There’s plenty of information out there about Steve Easterbrook, the 48-year-old Briton who will become the new CEO of McDonald’s on March 1. Profiles by the BBC, Business Insider, and the Financial Times tell of the man’s cricket-playing days at Durham University, his tenure as the head of McDonald’s UK and then McDonald’s Europe, and his recent successful CEO stints at the British restaurant chains PizzaExpress and Wagamama.
In a lengthy interview Easterbrook sat down for in December with Reboot Partners’ Dean DeBiase, a few weeks before the announcement of his promotion, he offers some clues about what he sees in the future for America’s most iconic fast food chain. (A McDonald’s spokeswoman declined comment for this article.)
A video of the interview is embedded in the tweet, by Easterbrook, below.
DeBiase asked Easterbrook if ”the ‘T’ word”—”turnaround”—was being used internally at McDonald’s. The answer was an unequivocal “yes,” to which Easterbrook added: “The reality is we’ve got nine quarters of decline. That becomes a meaningful trend… and you have to actively turn around the situation. And the first thing you have to do is ‘call it.'”
Easterbrook made some aggressive calls back in 2006, when he was trying to get Britain to re-embrace the golden arches, and McDonald’s had to close 25 stores in the UK due to poor sales. One of those was engaging in a protracted public debate with Eric Schlosser, the documentarian and author of Fast Food Nation, and a harsh McDonald’s critic. Their engagement started with Easterbrook’s strongly-worded op-ed in The Guardian (“I take it personally when people belittle our employees and misrepresent our record as an employer…”) and escalated to Easterbrook and Schlosser arguing on camera for BBC’s Newsnight.
In the interview last month, DeBiase asked Easterbrook, ”What are you doing to attract millennials?” Easterbrook took issue with the premise of the question, saying narratives about “millennials running off to fast-casuals and deserting McDonald’s” are “absolutely not true.”
But, he said, McDonald’s is interested in playing “a more meaningful, more functional role” in the lives of these highly sought-after consumers. “I guess for about 59 years we have typically asked customers to fit around our business model,” he added. “But people’s desires are changing. They want to be treated as individuals, not as numbers. Therefore, personalization [and] customization is becoming much more meaningful.” That’s why McDonald’s is working on a “build-your-own-burger” type of menu, he said.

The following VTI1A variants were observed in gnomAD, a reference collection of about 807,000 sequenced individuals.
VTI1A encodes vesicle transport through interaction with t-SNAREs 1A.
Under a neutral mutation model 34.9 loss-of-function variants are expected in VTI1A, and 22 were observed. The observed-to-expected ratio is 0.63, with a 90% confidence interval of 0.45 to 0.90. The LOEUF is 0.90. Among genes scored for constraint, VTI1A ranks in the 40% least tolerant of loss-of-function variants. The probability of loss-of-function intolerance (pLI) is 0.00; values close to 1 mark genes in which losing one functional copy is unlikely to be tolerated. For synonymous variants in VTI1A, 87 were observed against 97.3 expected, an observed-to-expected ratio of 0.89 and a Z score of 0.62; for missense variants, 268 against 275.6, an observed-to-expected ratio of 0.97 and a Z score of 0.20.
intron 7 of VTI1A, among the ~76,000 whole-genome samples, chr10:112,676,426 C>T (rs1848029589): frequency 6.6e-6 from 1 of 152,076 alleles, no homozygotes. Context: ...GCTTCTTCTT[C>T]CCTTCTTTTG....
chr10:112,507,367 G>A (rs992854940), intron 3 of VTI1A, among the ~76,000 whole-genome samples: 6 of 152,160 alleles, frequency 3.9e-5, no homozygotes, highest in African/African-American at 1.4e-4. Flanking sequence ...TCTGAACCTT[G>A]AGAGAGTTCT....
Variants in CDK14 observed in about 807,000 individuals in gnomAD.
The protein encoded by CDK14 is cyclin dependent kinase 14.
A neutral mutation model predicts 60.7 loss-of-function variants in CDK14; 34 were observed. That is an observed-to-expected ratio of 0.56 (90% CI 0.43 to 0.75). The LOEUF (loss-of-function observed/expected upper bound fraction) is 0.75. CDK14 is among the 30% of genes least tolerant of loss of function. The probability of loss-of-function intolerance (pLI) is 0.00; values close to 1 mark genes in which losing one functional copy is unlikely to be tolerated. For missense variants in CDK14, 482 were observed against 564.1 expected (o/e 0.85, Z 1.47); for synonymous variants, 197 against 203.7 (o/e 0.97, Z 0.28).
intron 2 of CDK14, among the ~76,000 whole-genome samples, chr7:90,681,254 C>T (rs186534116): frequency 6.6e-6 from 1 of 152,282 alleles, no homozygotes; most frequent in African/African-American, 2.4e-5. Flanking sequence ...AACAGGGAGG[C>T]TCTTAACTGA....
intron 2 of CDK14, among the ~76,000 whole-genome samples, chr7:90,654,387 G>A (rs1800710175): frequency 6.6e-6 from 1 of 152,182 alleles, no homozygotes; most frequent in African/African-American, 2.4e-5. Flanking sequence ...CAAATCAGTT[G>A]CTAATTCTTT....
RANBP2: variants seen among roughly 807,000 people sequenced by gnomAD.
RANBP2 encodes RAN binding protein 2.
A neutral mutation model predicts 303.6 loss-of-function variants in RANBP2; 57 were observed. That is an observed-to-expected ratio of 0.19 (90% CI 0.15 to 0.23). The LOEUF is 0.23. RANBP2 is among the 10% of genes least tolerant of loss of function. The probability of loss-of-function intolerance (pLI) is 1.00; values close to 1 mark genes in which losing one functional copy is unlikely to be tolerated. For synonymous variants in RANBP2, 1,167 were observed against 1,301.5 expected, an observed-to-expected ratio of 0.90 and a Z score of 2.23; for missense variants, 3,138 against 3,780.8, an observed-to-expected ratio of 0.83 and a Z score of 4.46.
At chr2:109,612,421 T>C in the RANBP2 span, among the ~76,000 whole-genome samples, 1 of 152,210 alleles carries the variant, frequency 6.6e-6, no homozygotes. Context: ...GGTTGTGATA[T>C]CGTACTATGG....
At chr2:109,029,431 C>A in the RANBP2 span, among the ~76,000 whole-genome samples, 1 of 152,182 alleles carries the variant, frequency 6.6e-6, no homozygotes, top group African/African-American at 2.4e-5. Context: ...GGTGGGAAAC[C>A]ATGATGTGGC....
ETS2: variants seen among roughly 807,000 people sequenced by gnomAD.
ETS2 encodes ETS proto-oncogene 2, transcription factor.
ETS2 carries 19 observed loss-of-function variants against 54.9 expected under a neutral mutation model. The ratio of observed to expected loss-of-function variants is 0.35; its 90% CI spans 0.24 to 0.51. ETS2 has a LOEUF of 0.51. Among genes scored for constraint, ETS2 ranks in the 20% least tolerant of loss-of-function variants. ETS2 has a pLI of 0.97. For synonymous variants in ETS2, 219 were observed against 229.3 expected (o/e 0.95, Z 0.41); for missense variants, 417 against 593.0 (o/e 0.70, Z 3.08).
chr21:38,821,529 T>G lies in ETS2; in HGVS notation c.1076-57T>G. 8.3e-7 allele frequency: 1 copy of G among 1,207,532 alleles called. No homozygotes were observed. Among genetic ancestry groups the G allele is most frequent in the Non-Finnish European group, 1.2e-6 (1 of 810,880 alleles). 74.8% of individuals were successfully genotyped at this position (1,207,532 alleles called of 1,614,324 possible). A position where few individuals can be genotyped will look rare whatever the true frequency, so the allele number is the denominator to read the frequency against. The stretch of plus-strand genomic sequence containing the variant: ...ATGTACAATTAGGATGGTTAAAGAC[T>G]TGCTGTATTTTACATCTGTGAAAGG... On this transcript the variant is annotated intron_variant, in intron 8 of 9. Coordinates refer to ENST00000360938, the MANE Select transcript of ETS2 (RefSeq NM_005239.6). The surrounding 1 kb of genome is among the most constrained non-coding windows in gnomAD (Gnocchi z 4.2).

The plan is to “transfer that power back to the customer,” Easterbrook said, and “I can see us allowing technology to do the heavy-lifting.” (Indeed, Easterbrook recently announced that the company’s US digital team will expand from 20 people to 200 to 250 this year in a new Chicago office.)
In the future, Easterbrook said, McDonald’s customers won’t just have a choice between ordering at the counter or the drive-through; there will be “four or five different ways of going through the entire McDonald’s ordering experience.” He mentioned mobile and online ordering, in-restaurant kiosks, and “maybe ordering in advance and then as you pull up to the lot, through geo-location, we recognize you and run [your order] out to you.”
Easterbrook has his work cut out for him, given the challenges McDonald’s is facing right now, but he seems to have a heck of a lot of enthusiasm—not to mention a willingness to engage on tough questions. Whether consumers will be swayed by his words or drawn to his new initiatives remains to be seen.